Growing up in church as a young single woman, I heard a phrase about men I might date, “Make sure he loves Jesus more than you.”
I thought, “Well, of course,” and glossed over the cliché without really thinking about it. Adam, walking in the garden with God, would have been perplexed by that advice. For him, there would have been no competition for his heart and mind, because God gave Eve to him in a perfect and sinless world.
Before Eve, Adam had unbroken fellowship with God: no sin, no shame. This relationship was enough for Adam. God’s perfect love, grace and joy flowed freely into Adam’s soul. We don’t read about Adam feeling discontent and needy for someone else besides God. And yet God saw—while Adam enjoyed the all-sufficient Godhead—that it was not good for Adam to be alone (Genesis 2:18). Eve was God’s idea and God’s gift to Adam.
Love for God and Love in Marriage
When God presents Eve to Adam, God doesn’t nervously say, “Hey, just make sure you love me more than Eve, OK?” He didn’t need to. Eve was not a threat to Adam’s relationship with God. In the garden, the three relationships between God and Eve, between God and Adam, and between Adam and Eve sang in perfect harmony. There was beauty and balance in the intersections of these loves.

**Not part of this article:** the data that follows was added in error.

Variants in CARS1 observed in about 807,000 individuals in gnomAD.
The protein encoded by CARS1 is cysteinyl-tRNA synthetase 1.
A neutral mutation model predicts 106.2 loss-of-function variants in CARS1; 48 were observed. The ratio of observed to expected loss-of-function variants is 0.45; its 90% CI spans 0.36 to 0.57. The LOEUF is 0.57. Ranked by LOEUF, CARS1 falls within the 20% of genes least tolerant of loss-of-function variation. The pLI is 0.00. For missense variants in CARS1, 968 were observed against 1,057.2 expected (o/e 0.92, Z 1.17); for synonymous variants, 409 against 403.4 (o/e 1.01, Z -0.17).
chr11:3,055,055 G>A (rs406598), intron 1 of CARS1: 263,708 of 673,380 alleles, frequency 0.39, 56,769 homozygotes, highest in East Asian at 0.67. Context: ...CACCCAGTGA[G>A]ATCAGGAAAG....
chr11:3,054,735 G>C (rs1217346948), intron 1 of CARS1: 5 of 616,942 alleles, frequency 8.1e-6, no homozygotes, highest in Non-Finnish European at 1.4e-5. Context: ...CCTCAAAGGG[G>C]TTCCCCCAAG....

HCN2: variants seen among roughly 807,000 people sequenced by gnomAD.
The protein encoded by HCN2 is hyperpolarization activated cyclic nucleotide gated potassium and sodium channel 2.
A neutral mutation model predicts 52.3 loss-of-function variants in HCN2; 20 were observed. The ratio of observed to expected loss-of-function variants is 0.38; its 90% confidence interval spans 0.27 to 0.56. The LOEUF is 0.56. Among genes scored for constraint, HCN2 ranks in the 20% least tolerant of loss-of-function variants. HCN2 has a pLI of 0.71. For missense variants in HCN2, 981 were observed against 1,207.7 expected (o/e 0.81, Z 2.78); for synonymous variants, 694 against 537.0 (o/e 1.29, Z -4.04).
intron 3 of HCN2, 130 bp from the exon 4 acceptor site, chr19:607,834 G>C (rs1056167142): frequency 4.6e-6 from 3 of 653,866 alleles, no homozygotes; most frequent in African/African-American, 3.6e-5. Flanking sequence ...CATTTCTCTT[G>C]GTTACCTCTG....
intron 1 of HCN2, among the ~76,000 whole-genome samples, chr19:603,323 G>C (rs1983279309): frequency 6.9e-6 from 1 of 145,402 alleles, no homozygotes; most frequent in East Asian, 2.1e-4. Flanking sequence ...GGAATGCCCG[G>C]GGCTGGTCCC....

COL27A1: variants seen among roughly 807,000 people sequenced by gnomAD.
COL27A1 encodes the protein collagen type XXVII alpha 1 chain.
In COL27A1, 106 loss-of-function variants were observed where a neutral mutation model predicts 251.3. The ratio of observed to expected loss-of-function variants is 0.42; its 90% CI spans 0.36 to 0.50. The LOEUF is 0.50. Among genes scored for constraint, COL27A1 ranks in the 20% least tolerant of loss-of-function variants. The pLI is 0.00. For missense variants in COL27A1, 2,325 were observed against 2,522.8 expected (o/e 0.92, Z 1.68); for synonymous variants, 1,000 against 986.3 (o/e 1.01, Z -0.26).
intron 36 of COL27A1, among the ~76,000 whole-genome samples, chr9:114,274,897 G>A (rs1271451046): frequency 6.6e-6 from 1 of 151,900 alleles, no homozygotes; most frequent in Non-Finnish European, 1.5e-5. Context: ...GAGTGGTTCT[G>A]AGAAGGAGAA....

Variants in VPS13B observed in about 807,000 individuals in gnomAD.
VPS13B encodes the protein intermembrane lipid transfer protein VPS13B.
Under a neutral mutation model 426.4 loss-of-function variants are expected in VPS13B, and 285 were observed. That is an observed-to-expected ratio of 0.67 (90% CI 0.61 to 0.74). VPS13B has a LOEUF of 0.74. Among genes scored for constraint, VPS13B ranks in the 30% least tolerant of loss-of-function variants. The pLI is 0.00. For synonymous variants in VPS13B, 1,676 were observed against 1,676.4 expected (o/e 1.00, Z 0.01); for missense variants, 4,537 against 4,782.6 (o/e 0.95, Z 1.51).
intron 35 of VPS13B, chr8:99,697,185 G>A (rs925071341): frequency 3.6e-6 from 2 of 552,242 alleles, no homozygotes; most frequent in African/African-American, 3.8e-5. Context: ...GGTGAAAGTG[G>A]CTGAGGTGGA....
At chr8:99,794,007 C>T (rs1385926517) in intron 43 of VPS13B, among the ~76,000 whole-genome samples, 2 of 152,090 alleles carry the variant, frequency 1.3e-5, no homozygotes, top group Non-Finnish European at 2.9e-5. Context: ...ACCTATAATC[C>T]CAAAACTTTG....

But sin disrupted the balance and halted the harmony. Suddenly, God’s good gifts had become gold-plated calves we worship and serve instead of him.
Though marriage will not have a permanent place in heaven, God deemed it important for his kingdom here on earth. The balance and harmony between a husband, a wife and their God is restored, and continually being restored, through Christ.
But before a man and woman are joined together, they must get to know each other and determine if they’re on a path toward that kind of marriage.